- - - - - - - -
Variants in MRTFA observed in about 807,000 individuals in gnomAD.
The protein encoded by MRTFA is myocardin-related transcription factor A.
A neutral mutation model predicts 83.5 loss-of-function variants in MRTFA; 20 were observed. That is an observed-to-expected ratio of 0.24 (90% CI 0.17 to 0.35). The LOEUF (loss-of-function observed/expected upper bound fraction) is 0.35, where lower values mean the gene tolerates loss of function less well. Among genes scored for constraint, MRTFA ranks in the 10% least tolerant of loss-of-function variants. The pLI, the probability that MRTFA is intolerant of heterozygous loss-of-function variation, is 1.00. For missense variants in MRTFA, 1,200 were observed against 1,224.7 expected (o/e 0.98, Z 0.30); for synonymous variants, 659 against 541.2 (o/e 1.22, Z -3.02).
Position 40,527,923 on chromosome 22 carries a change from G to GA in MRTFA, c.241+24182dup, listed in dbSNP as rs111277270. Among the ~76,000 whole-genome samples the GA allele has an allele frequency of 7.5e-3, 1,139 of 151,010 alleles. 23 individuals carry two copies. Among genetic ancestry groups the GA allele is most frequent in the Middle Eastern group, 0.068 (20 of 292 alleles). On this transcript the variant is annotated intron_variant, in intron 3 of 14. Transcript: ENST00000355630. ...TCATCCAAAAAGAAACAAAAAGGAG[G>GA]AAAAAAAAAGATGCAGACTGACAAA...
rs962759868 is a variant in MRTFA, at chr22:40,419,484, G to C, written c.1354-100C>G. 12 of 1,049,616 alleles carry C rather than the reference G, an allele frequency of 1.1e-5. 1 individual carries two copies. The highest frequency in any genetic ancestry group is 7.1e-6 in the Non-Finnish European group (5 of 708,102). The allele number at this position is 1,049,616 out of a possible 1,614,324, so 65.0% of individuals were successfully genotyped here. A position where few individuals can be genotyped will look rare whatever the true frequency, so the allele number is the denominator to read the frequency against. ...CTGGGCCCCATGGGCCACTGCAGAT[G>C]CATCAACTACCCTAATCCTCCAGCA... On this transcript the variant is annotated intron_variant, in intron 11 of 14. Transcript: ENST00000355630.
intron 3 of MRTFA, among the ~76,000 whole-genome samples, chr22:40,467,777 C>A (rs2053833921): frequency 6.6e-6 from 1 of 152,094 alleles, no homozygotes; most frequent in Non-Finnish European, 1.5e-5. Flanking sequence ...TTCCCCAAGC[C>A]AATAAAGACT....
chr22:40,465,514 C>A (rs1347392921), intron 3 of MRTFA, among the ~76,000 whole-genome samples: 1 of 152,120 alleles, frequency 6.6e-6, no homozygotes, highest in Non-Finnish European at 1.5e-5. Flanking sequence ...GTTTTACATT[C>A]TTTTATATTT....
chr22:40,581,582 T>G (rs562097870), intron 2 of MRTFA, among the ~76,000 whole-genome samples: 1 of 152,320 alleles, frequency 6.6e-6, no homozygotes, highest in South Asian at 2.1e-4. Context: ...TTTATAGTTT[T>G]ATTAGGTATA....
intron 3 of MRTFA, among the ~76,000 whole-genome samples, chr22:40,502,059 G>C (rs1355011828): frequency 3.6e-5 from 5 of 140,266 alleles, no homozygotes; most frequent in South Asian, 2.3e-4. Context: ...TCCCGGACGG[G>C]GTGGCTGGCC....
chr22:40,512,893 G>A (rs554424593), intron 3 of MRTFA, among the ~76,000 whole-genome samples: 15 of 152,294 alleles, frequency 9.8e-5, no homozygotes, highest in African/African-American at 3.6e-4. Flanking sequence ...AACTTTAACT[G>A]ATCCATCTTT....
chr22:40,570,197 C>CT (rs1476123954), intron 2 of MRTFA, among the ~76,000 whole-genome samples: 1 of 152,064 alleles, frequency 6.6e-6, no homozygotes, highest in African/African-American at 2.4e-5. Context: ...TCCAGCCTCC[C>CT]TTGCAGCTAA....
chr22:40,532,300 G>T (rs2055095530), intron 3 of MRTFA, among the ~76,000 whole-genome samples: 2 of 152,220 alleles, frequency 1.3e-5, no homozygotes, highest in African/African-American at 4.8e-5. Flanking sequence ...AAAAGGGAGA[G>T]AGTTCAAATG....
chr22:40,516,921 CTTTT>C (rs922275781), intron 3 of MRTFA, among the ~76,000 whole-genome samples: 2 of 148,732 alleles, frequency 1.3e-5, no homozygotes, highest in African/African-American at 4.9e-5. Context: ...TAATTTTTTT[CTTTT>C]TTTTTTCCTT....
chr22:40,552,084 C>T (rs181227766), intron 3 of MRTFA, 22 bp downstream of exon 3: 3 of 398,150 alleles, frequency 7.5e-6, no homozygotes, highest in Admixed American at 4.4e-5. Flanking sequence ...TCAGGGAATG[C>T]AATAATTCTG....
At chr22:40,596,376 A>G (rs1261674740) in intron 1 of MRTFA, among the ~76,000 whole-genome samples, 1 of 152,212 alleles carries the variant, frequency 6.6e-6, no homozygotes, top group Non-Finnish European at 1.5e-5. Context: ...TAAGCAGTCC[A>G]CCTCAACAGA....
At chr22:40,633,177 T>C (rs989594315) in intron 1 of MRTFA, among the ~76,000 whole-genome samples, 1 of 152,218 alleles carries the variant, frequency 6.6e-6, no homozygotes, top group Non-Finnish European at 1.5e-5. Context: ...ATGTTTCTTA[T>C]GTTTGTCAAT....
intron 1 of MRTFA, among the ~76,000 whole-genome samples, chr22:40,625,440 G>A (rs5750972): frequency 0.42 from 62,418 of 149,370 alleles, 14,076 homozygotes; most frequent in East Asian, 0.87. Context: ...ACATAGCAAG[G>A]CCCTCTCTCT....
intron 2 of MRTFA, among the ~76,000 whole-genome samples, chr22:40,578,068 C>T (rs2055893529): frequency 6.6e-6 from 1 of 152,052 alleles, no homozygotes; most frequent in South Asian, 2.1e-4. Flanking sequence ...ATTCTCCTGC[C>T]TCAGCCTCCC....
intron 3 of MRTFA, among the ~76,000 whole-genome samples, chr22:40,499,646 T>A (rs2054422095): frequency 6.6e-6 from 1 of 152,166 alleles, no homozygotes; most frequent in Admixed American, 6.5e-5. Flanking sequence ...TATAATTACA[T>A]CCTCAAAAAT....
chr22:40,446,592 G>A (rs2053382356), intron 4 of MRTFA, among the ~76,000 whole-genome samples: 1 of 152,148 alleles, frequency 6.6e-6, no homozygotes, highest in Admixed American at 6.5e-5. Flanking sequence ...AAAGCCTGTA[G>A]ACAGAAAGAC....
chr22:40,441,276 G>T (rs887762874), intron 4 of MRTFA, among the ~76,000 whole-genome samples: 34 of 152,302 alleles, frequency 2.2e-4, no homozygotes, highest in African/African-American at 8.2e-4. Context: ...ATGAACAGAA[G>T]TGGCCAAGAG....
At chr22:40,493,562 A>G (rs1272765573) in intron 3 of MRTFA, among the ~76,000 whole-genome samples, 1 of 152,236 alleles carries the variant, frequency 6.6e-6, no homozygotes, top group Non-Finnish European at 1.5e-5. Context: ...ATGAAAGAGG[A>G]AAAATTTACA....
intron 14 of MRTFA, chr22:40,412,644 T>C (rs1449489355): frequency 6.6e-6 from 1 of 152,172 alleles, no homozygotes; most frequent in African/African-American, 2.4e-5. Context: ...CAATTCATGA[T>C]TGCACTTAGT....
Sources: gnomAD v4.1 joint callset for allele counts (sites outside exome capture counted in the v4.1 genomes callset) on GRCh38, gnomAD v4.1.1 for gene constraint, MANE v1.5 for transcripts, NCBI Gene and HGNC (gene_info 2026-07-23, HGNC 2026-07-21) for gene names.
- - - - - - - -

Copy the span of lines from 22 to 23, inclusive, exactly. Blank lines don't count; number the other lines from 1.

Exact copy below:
At chr22:40,493,562 A>G (rs1272765573) in intron 3 of MRTFA, among the ~76,000 whole-genome samples, 1 of 152,236 alleles carries the variant, frequency 6.6e-6, no homozygotes, top group Non-Finnish European at 1.5e-5. Context: ...ATGAAAGAGG[A>G]AAAATTTACA....
intron 14 of MRTFA, chr22:40,412,644 T>C (rs1449489355): frequency 6.6e-6 from 1 of 152,172 alleles, no homozygotes; most frequent in African/African-American, 2.4e-5. Context: ...CAATTCATGA[T>C]TGCACTTAGT....